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Why Justin Trudeau’s Government Is proposing A Municipal Nominee Program?

Justin Trudeau’s Government may continue several crucial immigration policies and approaches of the last 4 years. The recent released Liberal Party of Canada’s 2019 federal election platform consists of four immigration agenda they will execute if Canadian voters return them back to power on October 21.

Those promises by Justin Trudeau’s Government are:

  • Advance with modest and responsible increases to immigration;
  • Create a “Municipal Nominee Program;”
  • Making the Atlantic Immigration Pilot program permanent; and
  • Making the application process for Canadian citizenship free for permanent residents.

Over 400,000 immigrants per year?

The Liberals’ promise to expand Canada immigration comes as no surprise.

Since their advent to power in 2015, the Liberals have gradually expanded immigration levels from about 260,000 yearly to a target of 330,800 in 2019. That target is set to reach 350,000 by the year 2021.

More latest new, however, is that they are suggesting that the expansion could continue beyond 2021, which also means Canada’s intake of newcomers could get even closer toward the 400,000 mark-new immigration levels in the final years of a renewed Liberal mandate (i.e., 2023 and 2023).

What will the Municipal Nominee Program look like?

While the establishments of Canada’s Provincial Nominee Programs (PNPs) in 1999 has played a crucial role in promoting immigration to smaller provinces such as Saskatchewan, Manitoba and those in Atlantic Canada, newcomers continue to mostly settle in Canada’s biggest cities.

With a few exceptions, most provinces in Canada see at least eighty (80) per cent of their immigrants move to one city, which results in smaller municipalities struggling to solve their labour force requirements through immigration.

Details is yet to be released as to what the proposed Municipal Nominee Program (MNP) would be like but recent pilots established by the Liberals such as the Rural and Northern Immigration Pilot (RNIP) and Atlantic Immigration Pilot (AIP) provide us with an idea of what to expect.

The Liberal party states that a minimum of 5,000 new slots will be dedicated to the MNP. This indicates that the MNP is likely to be launched as a pilot, just like every other economic class program created since 2013.

This also mean that up to 2,750 principal candidates could be chosen through the MNP (the maximum number of principal candidates that can be taken through a federal pilot program), with the remainder arriving as dependents and spouses.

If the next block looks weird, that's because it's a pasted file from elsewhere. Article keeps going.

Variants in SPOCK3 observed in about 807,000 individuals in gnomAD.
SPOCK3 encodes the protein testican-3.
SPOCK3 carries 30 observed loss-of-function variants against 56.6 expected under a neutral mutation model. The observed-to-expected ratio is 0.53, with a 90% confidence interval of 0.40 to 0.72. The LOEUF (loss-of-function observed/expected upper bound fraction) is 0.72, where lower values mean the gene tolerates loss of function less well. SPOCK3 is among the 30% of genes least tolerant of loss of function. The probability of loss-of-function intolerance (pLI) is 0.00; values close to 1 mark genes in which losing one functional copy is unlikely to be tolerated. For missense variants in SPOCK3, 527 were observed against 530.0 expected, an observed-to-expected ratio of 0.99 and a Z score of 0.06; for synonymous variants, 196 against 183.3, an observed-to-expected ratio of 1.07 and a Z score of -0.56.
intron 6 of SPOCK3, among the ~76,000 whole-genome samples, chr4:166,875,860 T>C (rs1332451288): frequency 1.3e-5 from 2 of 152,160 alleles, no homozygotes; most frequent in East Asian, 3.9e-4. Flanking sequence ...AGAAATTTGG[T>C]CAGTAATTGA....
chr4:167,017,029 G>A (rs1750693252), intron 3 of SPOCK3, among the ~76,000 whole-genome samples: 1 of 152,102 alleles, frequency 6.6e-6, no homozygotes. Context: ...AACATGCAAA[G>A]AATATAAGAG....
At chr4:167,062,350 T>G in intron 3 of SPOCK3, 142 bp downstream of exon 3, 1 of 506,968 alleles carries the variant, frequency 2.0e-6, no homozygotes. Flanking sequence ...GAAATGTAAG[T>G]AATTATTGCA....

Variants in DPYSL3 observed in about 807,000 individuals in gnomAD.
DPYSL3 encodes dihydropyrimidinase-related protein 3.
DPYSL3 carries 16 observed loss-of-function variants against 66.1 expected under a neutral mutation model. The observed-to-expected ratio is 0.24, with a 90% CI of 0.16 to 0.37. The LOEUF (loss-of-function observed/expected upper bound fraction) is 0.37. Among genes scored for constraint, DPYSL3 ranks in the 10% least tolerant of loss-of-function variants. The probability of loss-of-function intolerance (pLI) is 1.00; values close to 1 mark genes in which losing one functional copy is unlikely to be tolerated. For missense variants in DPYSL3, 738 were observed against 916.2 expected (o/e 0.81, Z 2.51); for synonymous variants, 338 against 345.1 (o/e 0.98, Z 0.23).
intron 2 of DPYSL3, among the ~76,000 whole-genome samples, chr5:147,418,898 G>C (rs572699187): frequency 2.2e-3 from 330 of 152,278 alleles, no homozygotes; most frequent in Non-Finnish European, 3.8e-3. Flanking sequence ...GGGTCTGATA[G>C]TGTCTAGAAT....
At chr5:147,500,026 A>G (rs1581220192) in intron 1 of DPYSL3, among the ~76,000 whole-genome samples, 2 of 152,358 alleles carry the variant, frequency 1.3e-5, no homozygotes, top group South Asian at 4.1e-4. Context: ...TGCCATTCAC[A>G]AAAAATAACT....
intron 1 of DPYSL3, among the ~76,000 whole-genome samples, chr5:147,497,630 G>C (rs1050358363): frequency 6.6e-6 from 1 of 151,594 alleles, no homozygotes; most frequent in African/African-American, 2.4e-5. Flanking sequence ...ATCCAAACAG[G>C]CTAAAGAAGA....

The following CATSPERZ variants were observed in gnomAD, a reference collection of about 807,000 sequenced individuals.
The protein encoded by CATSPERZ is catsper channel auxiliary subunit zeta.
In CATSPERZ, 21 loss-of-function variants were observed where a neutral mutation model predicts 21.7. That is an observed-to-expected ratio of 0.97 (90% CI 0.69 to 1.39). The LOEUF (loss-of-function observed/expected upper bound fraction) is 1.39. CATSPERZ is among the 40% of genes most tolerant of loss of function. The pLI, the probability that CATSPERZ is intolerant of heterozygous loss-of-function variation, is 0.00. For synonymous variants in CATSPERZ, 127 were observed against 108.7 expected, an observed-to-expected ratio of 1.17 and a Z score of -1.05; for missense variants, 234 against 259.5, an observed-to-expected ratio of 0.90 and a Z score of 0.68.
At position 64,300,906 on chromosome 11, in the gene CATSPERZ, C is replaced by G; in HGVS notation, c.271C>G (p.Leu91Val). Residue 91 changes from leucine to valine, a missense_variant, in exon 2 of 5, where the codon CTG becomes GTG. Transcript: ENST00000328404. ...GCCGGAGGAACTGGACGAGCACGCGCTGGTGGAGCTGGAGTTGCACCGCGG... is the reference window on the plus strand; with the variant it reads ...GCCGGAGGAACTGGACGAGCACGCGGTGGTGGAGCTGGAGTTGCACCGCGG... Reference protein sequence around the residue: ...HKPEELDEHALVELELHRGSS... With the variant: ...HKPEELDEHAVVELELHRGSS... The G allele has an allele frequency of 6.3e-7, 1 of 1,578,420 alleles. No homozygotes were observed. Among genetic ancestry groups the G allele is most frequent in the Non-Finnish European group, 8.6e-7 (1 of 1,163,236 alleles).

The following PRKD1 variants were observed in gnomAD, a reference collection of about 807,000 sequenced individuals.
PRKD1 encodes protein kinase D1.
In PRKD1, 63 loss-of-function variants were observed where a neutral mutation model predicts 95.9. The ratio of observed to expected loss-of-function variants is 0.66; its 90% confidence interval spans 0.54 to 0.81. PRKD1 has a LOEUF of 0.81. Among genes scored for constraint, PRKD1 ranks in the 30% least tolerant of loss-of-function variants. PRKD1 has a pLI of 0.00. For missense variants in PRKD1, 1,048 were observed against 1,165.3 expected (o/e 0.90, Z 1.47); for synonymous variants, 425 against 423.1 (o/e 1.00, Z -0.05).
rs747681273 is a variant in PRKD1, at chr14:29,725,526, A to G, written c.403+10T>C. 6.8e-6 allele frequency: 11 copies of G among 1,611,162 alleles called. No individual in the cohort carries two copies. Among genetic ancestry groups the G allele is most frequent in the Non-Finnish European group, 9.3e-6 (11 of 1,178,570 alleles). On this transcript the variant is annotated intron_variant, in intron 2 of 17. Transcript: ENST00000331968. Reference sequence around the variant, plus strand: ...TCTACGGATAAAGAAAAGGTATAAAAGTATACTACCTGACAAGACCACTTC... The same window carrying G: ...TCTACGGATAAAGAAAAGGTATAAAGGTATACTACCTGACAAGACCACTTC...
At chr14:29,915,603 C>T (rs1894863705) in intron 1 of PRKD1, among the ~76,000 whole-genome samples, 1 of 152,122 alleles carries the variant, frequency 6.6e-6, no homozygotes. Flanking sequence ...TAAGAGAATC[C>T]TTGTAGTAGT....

Sharing 2,750 principal applicants spots across a country as big and diverse as Canada would be hard. The Liberals may decide to use similar approach as the RNIP whereby they invite municipalities from across the country to submit applications to obtain approval by the federal government to “recommend” immigrants.

Like the RNIP, the MNP may probably allow designated municipalities to “recommend” migrants who have a job offer and/or connections to the municipality. The federal government would then assess the qualifications of such prospective immigrants to ensure they fulfill certain conditions such as language proficiency, work experience and educational credentials.

Among the undisclosed issues is whether municipalities covered by the RNIP and AIP would also be allowed to take part in the MNP.

On the otherhand, inviting these municipalities to participate would provide them with an additional tool to recruit fresh immigrants. Doing so, however, will make it even more harder to distribute 2,750 principal applicants spots across Canada.

Why make citizenship applications free?

A Canadian permanent resident is allowed to apply for Canada citizenship after they have been physically present in the country for a minimum of three years, during the five years before lodging their applications.

Over eighty (80) per cent of permanent residents end up becoming Canadian. But critics have argued that the higher fees has made it more harder for immigrants with lower wages or income to obtain citizenship.

A study carried out by Andrew Griffith, a leading researcher on Canadian citizenship policy, argued that the higher fees is among the reasons why citizenship applications have dropped in recent years. Other deterrent factors included more stringent residency, language proficiency, and citizenship test criteria, which the Liberals reformed in 2017.

The promise by Justin Trudeau’s government to remove the fees altogether is part of those earlier steps to reform the Citizenship Act and make obtaining citizenship as easy as possible regardless of socio-economic factors like age and income.

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